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Solar-Powered Train Sets Speed Record

Friday, September 17, 2021

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Recently, inventors of what’s being dubbed the first-ever solar-powered locomotive put their transportation vehicle to the test on a railroad track in Sonoma, California.

The co-inventors, Eric Houston and Marco Fucci di Napoli, hope that one day, the STX-22 (short for solar train with 22 panels) could be the fastest vehicle ever powered by the sun.

“I think it’s important to play with technology and to experiment and I think this is a step in that direction,” Houston told KPIX 5.

The record-setting test was hosted on the old Schellville railroad station, which dates back to the late 1800s. Houston pointed out that the track was already in place when the Wright Brothers made their first machine-powered flight at Kitty Hawk, North Carolina in 1903, and said there was more meaning in what they were aiming to achieve.

Thankfully, because the 40-foot long, 3,400-pound solar array on wheels is the first of its kind, any speed over zero would set a record for the transportation vehicle. Running on pure sunlight, the vehicle can convert the energy into 10 horsepower.

For the test, the team took STX-22 onto a section of the track and Marco piloted the train. While the structure was reported to have been shaking rather intensely, Marco was able to get the vehicle up to speeds of 30.7 mph—almost 5 mph faster than what the team was anticipating.

Ryan Martin is the GM of Northwest Pacific Railroad and lent the team use of the tracks. Upon watching the tests, Martin said the STX-22 wouldn’t be pulling railcars anytime soon—some of them weigh more than 140 tons—but he said it’s important to keep an open mind.

“The sky’s the limit,” said Martin, “You double the size of this thing, double the speed…you know, we’re going off into a different race for transportation.”

Next year, Houston and Marcon intend to double the vehicle’s size and break the record for any solar-powered vehicle, which currently stands at 56 mph.

Protecting Solar

Earlier this year, in February, researchers from the Yale School of Engineering and Applied Science announced the development of a new coating strategy for semiconductors that provides corrosion protection, improves efficiency and could even lower the cost of solar fuel production.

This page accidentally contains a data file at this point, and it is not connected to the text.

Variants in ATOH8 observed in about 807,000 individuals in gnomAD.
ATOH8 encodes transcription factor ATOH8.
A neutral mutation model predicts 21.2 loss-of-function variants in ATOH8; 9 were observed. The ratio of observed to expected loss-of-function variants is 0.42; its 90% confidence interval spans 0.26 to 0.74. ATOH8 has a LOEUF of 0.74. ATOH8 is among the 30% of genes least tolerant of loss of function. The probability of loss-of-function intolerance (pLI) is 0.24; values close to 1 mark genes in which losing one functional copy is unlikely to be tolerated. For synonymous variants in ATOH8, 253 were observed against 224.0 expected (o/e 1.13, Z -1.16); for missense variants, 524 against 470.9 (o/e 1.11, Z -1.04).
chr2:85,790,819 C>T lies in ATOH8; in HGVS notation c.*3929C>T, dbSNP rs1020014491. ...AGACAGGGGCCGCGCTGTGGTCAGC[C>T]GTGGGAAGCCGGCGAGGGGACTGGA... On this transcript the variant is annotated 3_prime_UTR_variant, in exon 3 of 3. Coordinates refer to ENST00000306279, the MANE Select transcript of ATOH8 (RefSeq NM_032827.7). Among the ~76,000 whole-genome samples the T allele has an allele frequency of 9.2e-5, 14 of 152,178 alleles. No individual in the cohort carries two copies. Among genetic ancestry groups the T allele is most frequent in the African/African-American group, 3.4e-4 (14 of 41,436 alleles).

The research group was led by Shu Hu, assistant professor of chemical and environmental engineering.

According to Yale News, solar fuels are produced when semiconductors are illuminated so that specific materials can allow for the splitting of water into hydrogen and oxygen. The energy produced from the process is referred to as photocatalytic water splitting.

However, the university notes that the illumination process is prone to corrosion and can lead to the frequent replacement of materials after only a few hours of use. In the past, researchers have attempted to protect the semiconductors by interfering with the separation of charged particles within the semiconductor—a crucial part in the device’s function.

In applying a new method that both allows for separation and prevents corrosion, Hu’s group developed a protective titanium dioxide coating.

Zhao further noted that the 1.7% efficiency was a record high for solar-to-hydrogen conversion and believes that future optimization could lead to more increases.

Currently, Rito Yanagi GRD ’24, a Yale graduate student and author of the paper, reported that solar-hydrogen production is dominated by materials such as oxides and nitrides, as opposed to semi-conductive materials, and are not efficient enough to be practical.

Should solar fuels see generation at a large scale, the process would require using a material that is both efficient and stable, which lead Hu’s group to work on the improvement of the hydrogen half-reaction of the water-splitting reaction. However, future studies plan to address the oxygen half-reaction.

In the year prior, India’s Department of Science and Technology reportedly touted a development from its International Research Center for Powder Metallurgy and New Materials that it said can keep solar panels cleaner, easier.

ARCI has reportedly developed a nanoparticle-based coating for solar panels that can minimize dust deposition and enables easy cleaning with water; it aims to prevent a reduction in efficiency of the panels due to soiling.

The researchers noted that while solar panels are designed to withstand severe weather and corrosion, conversion efficiencies are reduced by dust, dirt, pollen and other particles that accumulate over time—production capabilities can drop by 30-40% in two months.

While water effectively washes off dust and contaminants, typical coatings that aid that action are more suitable for milder weather conditions—not necessarily the harsh environment in India, for example.

Therefore, scientists at ARCI developed a high-performance, transparent, easy-to-clean coating using functional nanoparticles, which stand up to conditions of high temperature, humidity and varied natures of high pollutant level. The researchers say that the coating technology is suitable for application in an existing PV power generation field by spray and wipe techniques.

The coating aims to reduce the amount of dust deposited on the solar panels and cleans itself by the action of water on the modules.

According to DST, the coating was validated in laboratory conditions per international standards and validated on ground-mounted and rooftop solar power plants located at various places in the country.


Tagged categories: Mass transit; NA; North America; Program/Project Management; Public Transit; Rail; Solar; Solar energy; Transportation

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